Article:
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Re: filmscanners: Nikon 8000 ED or Polaroid Sprintscan 120 ??



Art is ,in my opinion ,spot on !
Drum scanners will have a limited life span,I use one .The  scans can be
amazingly good,although the tedious system of mounting in oil to get the
best and reduce dust etc makes me opt for my flatbed whenever I can.
Some of the better Drum scanners are simpler to use with the originals
held on the inside of the drum by centrifugal force and you can get a
lot of originals in as the drums are quit large.
Scanners like the Imacon are up there with the drums in terms of
resolution and if you examine how good the "consumer" scanners are now
you will see that they are on a charge,manufacturers are selling them
like Hi Fi ,one in every home .
That means lots of R and D going in to make them better and faster.
I doubt that the Drum manufacturers with their very narrow sales
potential will be putting in as much effort.
You also need to look at what the scans are used for,most go into
commercial brochures at maybe 8"x12" max ,  who needs "drum quality"
only to see it squandered on turning it into cmyk dots at maybe 300 to
the inch ?
Lots of pro photographers have low end scanners because the do the job
adequately, for now.

Michael Wilkinson. 106 Holyhead Road,Ketley, Telford.Shropshire TF 15 DJ
  michael@infocus-photography.co.uk      www.infocus-photography.co.uk
For Trannies and Negs from Digital Files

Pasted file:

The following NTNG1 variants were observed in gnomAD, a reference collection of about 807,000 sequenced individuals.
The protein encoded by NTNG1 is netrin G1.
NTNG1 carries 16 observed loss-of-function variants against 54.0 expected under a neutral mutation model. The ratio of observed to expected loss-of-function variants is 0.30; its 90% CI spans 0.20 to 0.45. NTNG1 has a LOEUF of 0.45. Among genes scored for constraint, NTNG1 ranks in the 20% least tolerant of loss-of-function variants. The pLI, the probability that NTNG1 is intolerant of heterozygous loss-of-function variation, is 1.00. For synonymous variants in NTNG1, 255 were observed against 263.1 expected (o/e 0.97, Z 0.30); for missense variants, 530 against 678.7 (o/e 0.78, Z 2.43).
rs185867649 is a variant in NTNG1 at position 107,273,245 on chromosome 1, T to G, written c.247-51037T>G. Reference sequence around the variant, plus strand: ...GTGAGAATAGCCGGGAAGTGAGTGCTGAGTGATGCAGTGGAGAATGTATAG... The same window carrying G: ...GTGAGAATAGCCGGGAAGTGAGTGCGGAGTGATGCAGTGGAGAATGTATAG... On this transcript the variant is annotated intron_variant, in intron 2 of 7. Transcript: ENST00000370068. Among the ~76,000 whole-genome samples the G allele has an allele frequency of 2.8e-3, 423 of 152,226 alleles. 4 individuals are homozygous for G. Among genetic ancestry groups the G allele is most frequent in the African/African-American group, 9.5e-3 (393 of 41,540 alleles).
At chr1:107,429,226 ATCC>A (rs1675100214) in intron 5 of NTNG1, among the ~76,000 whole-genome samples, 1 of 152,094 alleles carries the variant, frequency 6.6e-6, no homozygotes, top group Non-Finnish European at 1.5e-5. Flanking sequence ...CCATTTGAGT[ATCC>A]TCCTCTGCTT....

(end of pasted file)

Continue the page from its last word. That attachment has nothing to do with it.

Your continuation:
######################################
----- Original Message -----
From: "Arthur Entlich" <artistic@ampsc.com>
To: <filmscanners@halftone.co.uk>
Sent: Thursday, February 22, 2001 1:14 AM
Subject: Re: filmscanners: Nikon 8000 ED or Polaroid Sprintscan 120 ??


: I don't think anyone will argue that for now, drum scanners have the
: edge in the digital scanning arena.  I also don't think many would
argue
: that CCD scanners are being successfully used to scan 35mm frames used
: in the coffee table glossy book market, with considerable success.
:
: For those who wish more control over their images and also economy,
the
: newer CCD based scanners are opening up a new market for photographers
: who wish to provide either manipulated images (do it yourself fixes,
: etc) or electronic digital images which can then be used on web pages,
: or sent via electronic means to stock houses or clients.
:
: I do, however, see a day when a major breakthough will likely occur
and
: the whole high end marketplace will be knocked on its ears.  A perfect
: example was the video/CG marketplace.  Video switchers, and
workstations
: to produce 3d CG were held by companies like Panasonic, Sony and
others
: with their multi hundred thousand dollar units.
:
: Then a small marriage took place between a product called the Amiga
: computer and a company called Newtek, which came out with the "Video
: Toaster" and bundled it with Lightwave 3d, and that world was changed
: forever.  For under $5000 one had a digital switcher and CG system
that
: rivaled units worth over $100,000.  WIthin months I saw trade
magazines
: like "Video Systems" go from 120 pages down to 40 as advertising
: revenues disappeared, as the biggies ran out of that market, and soon
: only Newtek ads, and a few other non-linear editing system upstarts
were
: left placing ads.
:
: The rest, as they say, is history.  Almost all professional video
: editing and CG development is now done via computers.  Hardware
: switchers are pretty much history, and it took only a few years to
: happen.  Today, major television effects and full CG animations are
: produced in a room with Macs or average PCs.
:
: It only takes one genius company willing to work "outside the box", to
: come up with a new blackbox, and all bets are off.
:
: Whether this will happen in the scanning field and when, I can't say.
: But I do not believe anyone can with any certainty say drum scanners
are
: here to stay, or that most pro photographers will not be doing their
own
: scanning 5 years from now.
:
: Predicting the future is full of sand traps.
:
: Art
:
:




 




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